On the heels of International Women’s Day and this year’s theme of Better the Balance, Better the World, I took the opportunity to reflect on my own journey and challenges as a woman in the workplace.
As a youth, I attended an all-girls school, where I was in leadership positions since the age of 10. In that environment, I didn’t just believe that girls could do anything – I saw us doing it each and every day. It was the norm. Sadly, I would soon find out that it was not the standard beyond the walls of that institution.
The school setting was a stark contrast to the blatant sexism I experienced in my first paying job with a global company. I quickly learned that equal pay for equal work was not the order of the day. When speaking with my male colleague who had started on the same day in the same role, I learned that he was paid substantially more than I. The unapologetic reason presented for the disparity? He had a family to support and I did not.
The situation inspired the poem Dear Sister, where I wrote that “I outwardly accepted this fate”, but inwardly committed to work tirelessly to end it. “I spent my time developing my craft to end this crime.”
While companies now know enough to not speak so bluntly about why they pay a woman less than a man, have we made significant progress since that first eye-opening experience?
While there has been improvement on many fronts, the ability for most women to be equally valued for their contributions is not the norm across the board. We should all find fault – and frankly, disgust – at that fact.
Let’s fast forward to today, where the incredible disparity between male and female television presenters in the UK quickly consumed headlines. It remains enough of a challenge globally that last year, Iceland became the first country to make it illegal to pay men more than women.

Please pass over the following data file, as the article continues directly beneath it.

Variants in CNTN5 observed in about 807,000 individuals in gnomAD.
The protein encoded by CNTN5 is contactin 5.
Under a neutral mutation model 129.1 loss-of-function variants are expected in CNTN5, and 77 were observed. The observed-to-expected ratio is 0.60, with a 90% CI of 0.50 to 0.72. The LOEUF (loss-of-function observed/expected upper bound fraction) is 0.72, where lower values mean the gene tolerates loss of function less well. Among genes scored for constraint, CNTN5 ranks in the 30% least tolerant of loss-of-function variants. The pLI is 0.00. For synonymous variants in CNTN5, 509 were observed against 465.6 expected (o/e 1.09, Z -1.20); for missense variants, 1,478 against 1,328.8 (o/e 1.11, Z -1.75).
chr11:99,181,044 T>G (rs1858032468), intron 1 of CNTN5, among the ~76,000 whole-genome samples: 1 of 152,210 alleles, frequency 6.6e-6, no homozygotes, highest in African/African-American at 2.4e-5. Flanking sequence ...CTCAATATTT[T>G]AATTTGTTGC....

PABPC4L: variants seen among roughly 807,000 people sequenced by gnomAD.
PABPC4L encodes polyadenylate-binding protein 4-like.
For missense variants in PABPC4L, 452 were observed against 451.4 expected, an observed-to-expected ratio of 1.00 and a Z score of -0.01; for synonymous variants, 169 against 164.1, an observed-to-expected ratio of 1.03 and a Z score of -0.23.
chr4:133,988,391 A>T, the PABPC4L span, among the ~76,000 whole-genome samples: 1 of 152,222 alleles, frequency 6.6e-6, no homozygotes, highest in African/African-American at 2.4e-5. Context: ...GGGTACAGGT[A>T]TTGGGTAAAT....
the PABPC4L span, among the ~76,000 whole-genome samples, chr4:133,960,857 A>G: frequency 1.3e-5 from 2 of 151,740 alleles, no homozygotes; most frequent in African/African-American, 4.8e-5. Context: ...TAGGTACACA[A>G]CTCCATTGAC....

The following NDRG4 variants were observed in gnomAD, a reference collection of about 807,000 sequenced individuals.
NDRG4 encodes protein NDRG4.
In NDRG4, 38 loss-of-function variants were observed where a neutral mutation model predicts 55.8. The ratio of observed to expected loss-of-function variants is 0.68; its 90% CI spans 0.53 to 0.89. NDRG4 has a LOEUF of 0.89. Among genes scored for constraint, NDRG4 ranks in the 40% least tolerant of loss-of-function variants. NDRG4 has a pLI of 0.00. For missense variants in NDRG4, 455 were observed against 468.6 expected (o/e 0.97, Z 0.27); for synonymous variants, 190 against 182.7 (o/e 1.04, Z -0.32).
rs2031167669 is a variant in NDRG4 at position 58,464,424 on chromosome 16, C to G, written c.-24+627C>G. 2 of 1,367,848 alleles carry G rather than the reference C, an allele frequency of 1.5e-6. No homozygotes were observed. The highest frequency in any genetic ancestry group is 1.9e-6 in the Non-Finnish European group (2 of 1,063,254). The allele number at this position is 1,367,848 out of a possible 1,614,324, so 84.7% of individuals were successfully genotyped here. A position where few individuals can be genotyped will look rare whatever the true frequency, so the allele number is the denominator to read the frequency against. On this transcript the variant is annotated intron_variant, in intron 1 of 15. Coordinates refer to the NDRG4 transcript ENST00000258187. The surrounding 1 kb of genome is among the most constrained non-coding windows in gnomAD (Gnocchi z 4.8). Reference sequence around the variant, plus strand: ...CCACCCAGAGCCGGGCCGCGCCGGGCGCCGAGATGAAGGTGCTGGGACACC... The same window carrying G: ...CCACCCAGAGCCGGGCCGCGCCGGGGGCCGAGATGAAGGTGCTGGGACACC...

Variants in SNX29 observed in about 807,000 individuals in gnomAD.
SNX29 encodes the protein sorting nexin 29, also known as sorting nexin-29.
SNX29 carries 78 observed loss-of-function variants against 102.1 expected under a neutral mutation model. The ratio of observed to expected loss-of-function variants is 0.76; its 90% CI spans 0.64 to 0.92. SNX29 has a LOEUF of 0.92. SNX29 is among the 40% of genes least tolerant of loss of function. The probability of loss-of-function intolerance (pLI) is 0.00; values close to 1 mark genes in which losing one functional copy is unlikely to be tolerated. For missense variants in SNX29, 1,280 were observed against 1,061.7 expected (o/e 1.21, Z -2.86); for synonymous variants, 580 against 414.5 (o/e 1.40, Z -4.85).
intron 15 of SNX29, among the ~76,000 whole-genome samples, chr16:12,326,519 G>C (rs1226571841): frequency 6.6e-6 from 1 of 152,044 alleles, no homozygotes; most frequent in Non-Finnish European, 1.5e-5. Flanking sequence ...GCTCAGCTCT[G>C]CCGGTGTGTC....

Think about your own experience and your organisation’s HR practices. Is valuing all employees equally at the core of its mission?
The argument for Better the Balance, Better the World embraces the inherent importance of diversity. Different lived experiences, leadership styles, and ways of thinking pave the way for innovative approaches to global challenges. The presence of women in senior leadership roles remains imbalanced in virtually every industry. What has been the standard approach for how women seek to overcome that barrier? To become more male.
Characteristics of hierarchical leadership – competitiveness, ego, command and control define organisations the world over. We’ve been taught to downplay our hearts in professional situations, to disconnect our leadership from our empathy to gain results at all costs.
How has this worked out for us? Research by Gallup shows that 87% of the global workforce is disengaged at their jobs. That is a stunning statistic – so much so that the organization deems the results of its report as a “crisis.” At the core of engagement is the radical notion of treating employees like people. Imagine that! Traditional notions of power and leadership do not resonate with the people doing the work, which begs for a transition to a new form of power. A power that has love, respect and transparency at its core.
So I say a resounding yes to Better the Balance, Better the World. One that brings the balancing qualities of heart and gut to sit equal to our head. We need every single one of us to access the collective intelligence needed to address the sizable challenges ahead to create a sustainable and just global community.
How can you work to better the balance for a better world?